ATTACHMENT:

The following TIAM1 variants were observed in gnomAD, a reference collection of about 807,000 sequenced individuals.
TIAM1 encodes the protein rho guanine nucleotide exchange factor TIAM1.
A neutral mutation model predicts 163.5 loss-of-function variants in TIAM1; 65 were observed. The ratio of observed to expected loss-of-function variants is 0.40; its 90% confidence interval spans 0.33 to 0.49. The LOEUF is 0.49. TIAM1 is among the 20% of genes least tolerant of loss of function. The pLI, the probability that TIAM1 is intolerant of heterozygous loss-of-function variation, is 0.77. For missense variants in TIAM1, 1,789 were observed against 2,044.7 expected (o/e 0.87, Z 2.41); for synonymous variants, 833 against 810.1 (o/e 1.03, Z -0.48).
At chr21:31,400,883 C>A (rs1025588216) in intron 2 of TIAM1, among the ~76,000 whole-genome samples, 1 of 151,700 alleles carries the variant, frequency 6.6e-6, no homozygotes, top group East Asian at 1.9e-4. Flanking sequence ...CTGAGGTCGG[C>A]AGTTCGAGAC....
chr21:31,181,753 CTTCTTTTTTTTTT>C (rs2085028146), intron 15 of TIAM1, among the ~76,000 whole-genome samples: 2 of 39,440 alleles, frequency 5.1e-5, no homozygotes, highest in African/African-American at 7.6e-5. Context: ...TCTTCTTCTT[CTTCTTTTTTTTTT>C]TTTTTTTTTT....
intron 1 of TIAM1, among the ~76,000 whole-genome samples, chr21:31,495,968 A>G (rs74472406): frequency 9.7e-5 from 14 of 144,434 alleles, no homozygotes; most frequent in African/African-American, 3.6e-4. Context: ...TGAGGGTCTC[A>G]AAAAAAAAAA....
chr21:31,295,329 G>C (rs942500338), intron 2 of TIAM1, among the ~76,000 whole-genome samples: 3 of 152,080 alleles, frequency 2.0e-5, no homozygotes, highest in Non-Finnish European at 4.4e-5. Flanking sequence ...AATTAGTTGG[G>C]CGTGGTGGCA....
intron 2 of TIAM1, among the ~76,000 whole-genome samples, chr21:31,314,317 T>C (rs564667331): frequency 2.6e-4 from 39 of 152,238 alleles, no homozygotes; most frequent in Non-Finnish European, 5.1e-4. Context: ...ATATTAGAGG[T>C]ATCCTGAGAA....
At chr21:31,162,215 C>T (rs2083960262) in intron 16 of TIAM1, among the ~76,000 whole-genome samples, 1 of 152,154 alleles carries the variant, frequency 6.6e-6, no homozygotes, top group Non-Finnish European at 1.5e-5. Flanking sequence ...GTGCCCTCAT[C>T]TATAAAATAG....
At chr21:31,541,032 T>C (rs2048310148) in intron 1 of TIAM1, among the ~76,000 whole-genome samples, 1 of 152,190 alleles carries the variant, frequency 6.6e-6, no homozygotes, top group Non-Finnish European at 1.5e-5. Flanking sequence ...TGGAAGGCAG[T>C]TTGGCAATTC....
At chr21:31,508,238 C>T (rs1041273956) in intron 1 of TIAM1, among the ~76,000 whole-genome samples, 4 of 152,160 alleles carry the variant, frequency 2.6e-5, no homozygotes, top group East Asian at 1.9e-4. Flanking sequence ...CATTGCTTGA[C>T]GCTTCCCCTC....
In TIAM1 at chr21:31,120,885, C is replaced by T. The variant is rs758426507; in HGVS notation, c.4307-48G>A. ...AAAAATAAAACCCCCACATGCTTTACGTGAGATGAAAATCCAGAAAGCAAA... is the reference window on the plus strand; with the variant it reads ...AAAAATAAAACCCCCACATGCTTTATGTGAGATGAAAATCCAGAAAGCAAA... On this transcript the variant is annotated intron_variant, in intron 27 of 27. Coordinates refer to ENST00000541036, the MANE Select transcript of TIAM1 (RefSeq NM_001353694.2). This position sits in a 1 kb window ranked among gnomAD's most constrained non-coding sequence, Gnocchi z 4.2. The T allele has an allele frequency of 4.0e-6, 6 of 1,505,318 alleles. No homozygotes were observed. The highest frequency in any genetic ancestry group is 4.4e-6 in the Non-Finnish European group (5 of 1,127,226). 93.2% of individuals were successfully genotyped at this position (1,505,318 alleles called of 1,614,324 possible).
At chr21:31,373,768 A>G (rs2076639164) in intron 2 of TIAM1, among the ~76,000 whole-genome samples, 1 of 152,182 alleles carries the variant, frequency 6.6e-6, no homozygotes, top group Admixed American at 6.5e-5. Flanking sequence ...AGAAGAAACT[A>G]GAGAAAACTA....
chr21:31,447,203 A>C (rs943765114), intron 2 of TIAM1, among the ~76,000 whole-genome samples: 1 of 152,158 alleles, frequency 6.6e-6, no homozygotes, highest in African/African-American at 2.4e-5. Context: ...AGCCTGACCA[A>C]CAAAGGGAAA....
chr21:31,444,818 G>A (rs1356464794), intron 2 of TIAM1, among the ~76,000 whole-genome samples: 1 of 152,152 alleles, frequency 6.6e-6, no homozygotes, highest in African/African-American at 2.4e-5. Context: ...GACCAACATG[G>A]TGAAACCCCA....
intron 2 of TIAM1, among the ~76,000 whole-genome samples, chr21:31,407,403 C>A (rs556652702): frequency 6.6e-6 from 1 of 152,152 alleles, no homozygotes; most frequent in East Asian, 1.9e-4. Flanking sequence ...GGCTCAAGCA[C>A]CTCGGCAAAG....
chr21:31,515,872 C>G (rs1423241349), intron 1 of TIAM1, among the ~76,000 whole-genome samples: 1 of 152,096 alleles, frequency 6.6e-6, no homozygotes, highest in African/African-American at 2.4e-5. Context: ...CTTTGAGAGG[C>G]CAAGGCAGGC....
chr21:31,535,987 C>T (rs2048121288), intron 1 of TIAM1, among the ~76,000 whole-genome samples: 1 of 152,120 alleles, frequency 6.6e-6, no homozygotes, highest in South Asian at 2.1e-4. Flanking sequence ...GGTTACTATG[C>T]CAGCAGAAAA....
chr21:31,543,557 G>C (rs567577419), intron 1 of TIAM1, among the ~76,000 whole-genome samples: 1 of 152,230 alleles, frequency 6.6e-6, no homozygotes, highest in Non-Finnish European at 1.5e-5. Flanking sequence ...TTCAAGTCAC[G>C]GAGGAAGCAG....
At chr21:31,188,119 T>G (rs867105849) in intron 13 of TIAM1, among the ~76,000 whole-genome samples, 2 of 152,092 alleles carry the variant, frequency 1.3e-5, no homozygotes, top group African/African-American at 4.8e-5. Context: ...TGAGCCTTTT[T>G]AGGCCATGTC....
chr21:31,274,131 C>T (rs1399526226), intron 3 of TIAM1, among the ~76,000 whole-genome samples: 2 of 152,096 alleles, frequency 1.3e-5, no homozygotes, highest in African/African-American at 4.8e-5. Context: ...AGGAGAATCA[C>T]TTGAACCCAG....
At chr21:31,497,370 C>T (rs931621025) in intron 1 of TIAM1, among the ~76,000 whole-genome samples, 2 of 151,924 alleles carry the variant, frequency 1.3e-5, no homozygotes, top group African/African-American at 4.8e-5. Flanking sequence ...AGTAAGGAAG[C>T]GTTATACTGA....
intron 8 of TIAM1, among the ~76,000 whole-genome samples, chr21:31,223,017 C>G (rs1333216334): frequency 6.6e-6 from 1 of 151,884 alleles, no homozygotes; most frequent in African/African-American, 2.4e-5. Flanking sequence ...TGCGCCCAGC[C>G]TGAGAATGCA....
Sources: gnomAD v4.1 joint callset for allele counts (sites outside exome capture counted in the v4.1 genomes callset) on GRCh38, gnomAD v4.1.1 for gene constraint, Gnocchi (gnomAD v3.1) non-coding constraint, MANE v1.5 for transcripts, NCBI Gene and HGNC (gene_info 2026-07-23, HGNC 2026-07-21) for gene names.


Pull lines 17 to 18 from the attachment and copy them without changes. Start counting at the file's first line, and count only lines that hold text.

chr21:31,515,872 C>G (rs1423241349), intron 1 of TIAM1, among the ~76,000 whole-genome samples: 1 of 152,096 alleles, frequency 6.6e-6, no homozygotes, highest in African/African-American at 2.4e-5. Context: ...CTTTGAGAGG[C>G]CAAGGCAGGC....
chr21:31,535,987 C>T (rs2048121288), intron 1 of TIAM1, among the ~76,000 whole-genome samples: 1 of 152,120 alleles, frequency 6.6e-6, no homozygotes, highest in South Asian at 2.1e-4. Flanking sequence ...GGTTACTATG[C>T]CAGCAGAAAA....